Table 2. Days per year of operation, specialty and commodity sawmills in the Columbia-Kootenay Region, 2000 to 2009 (personal communication, Sinclair Tedder, senior economist, Competitiveness and Innovation Branch, British Columbia Ministry of Forests and Range).†

 
Specialty mills
 
Commodity mills
Year Downie Timber Kalesnikoff Lumber Co. Wynndel Box & Lumber Co. J H Huscroft Porcupine Wood Products Meadow Creek Ltd Mean   Grand Forks Castlegar Midway Radium Hot Springs Canal Flats Elko Mean
2000 238 252 240 231 235 249 241   238 238 238 238 251 251 242
2001 235 250 239 229 215 259 238   223 243 223 228 237 238 232
2002 236 248 240 225 207 278 239   250 249 249 244 249 249 248
2003 236 240 240 225 250 243 239   253 251 241 245 208 233 239
2004 250 220 252 240 243 208 236   251 251 251 242 249 249 249
2005 228 225 242 230 192 245 227   247 248 248 246 214 254 243
2006 244 250 185 (230) 187 245 224   282 251 248 231 211 250 246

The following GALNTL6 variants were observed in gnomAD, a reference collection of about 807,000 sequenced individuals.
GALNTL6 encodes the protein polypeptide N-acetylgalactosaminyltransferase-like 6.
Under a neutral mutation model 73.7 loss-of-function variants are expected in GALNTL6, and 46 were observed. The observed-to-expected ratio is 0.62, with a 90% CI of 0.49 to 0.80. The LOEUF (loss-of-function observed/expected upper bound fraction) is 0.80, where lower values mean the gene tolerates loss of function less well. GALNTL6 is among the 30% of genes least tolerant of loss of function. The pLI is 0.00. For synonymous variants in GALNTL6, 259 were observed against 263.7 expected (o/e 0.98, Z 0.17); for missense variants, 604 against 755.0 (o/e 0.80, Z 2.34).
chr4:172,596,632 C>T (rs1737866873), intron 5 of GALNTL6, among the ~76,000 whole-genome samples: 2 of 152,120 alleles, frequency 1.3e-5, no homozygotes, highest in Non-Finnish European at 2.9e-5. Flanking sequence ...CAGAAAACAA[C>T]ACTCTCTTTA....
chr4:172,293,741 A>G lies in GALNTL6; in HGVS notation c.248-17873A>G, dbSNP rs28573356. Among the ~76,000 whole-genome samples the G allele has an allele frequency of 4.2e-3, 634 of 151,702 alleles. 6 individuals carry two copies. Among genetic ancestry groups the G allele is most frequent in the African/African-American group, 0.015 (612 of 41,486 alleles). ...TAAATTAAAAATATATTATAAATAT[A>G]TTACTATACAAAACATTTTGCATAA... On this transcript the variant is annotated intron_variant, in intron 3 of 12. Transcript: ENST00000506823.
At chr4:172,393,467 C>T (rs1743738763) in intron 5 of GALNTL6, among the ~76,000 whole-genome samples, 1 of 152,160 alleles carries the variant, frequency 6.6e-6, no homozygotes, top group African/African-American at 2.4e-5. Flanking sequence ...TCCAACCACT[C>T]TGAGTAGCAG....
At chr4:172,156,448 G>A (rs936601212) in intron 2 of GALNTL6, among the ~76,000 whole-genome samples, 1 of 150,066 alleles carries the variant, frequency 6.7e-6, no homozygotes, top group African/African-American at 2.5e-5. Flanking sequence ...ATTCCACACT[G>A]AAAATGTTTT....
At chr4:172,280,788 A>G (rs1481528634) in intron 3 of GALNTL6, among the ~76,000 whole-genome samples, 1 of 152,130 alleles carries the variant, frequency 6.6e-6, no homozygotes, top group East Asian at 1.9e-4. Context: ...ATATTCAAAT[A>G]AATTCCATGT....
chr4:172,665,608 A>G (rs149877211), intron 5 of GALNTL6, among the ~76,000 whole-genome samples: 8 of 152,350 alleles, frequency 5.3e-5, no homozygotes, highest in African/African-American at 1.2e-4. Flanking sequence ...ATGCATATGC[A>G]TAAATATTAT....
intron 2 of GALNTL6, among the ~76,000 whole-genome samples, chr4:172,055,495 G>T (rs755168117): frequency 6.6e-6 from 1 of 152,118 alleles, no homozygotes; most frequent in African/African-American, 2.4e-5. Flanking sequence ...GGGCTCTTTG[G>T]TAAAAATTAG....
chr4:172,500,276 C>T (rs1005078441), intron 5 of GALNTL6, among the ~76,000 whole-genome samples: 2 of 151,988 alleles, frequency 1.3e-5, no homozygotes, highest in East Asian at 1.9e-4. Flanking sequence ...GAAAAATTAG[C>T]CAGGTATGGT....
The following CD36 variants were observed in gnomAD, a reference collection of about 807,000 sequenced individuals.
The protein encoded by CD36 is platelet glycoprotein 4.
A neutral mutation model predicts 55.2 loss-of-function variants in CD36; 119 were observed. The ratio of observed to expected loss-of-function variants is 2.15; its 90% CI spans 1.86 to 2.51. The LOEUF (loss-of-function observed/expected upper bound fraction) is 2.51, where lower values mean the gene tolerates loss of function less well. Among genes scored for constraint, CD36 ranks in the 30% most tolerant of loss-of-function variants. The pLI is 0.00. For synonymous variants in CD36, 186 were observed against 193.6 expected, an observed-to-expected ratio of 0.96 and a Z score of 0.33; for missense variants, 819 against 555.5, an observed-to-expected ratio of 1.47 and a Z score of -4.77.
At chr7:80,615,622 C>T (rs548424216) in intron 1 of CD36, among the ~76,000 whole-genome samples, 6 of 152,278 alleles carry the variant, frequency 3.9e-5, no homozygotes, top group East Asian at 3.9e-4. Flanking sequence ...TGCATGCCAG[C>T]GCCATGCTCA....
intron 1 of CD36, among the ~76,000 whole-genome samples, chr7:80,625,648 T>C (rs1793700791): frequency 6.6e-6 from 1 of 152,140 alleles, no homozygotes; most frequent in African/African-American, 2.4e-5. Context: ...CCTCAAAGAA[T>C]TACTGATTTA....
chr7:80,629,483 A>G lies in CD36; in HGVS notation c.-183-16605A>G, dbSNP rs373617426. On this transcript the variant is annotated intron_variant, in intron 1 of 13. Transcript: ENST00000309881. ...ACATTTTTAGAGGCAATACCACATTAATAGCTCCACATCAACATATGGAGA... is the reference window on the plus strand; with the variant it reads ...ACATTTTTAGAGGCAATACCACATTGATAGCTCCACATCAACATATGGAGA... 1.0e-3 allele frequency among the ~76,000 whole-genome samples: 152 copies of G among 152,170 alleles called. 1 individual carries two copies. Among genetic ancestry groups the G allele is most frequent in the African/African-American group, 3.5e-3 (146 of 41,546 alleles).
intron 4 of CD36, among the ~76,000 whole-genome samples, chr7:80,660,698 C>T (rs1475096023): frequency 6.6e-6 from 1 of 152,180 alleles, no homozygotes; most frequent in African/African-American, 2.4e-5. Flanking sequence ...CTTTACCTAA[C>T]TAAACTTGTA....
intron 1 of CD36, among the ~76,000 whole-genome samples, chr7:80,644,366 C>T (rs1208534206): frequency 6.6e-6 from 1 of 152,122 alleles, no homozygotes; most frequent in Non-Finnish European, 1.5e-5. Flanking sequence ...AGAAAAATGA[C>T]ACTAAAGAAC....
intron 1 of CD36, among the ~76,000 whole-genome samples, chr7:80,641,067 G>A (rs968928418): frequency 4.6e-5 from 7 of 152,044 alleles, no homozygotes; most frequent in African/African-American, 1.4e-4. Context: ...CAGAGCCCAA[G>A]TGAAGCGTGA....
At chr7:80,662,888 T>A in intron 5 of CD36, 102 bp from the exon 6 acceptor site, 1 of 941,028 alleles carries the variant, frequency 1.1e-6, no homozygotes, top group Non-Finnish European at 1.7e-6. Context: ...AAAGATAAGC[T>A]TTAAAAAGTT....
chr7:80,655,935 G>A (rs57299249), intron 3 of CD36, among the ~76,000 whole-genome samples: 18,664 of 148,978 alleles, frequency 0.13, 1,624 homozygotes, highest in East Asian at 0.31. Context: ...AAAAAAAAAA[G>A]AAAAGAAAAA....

2007 234 228 240 239 234 145 220   217 222 0 231 0 0 112
2008 (211) 150 (240) (208) (230) 0 193   110 35 0 92 115 120 79
2009 243 247 222 210 (231) 0 192   61 0 0 92 115 120 65
10-year mean, 2000 to 2009 236 231 234 227 222 163 225   213
197
199 170 209 185 196 196
† Parentheses around days of operation indicate self reporting by mill when data were not available from or differed from the British Columbia Ministry of Forests and Range's data. The Castlegar mill was shut down from March 2008 to June 28, 2010. The Grand Forks mill was shut down from January 19 to October 24, 2009. Canfor (Canadian Forest Products Inc.) purchased the mill in Slocan from Slocan Forest Products Ltd. in 2003 and sold it to Springer Creek Forest Products Inc. in 2006. Springer Creek shut down in 2010 because of insufficient timber for the size mill (originally a commodity mill), and because it was unionized and thus had higher benefit packages, according to its human resources manager (personal communication, Tom Gilgan, December 2011). It was a mill that Canadian Forest Products had reportedly “dumped” along with part of its tenure in the area, because it was less profitable. For purposes of this calculation, this mill in Slocan is excluded because it was not viable either when operated by a commodity owner or by a specialty owner, and it did not have a long record with either during this decade. Notably, it was the largest specialty mill in our sample, and it produced a higher percentage of commodity lumber than other specialty mills.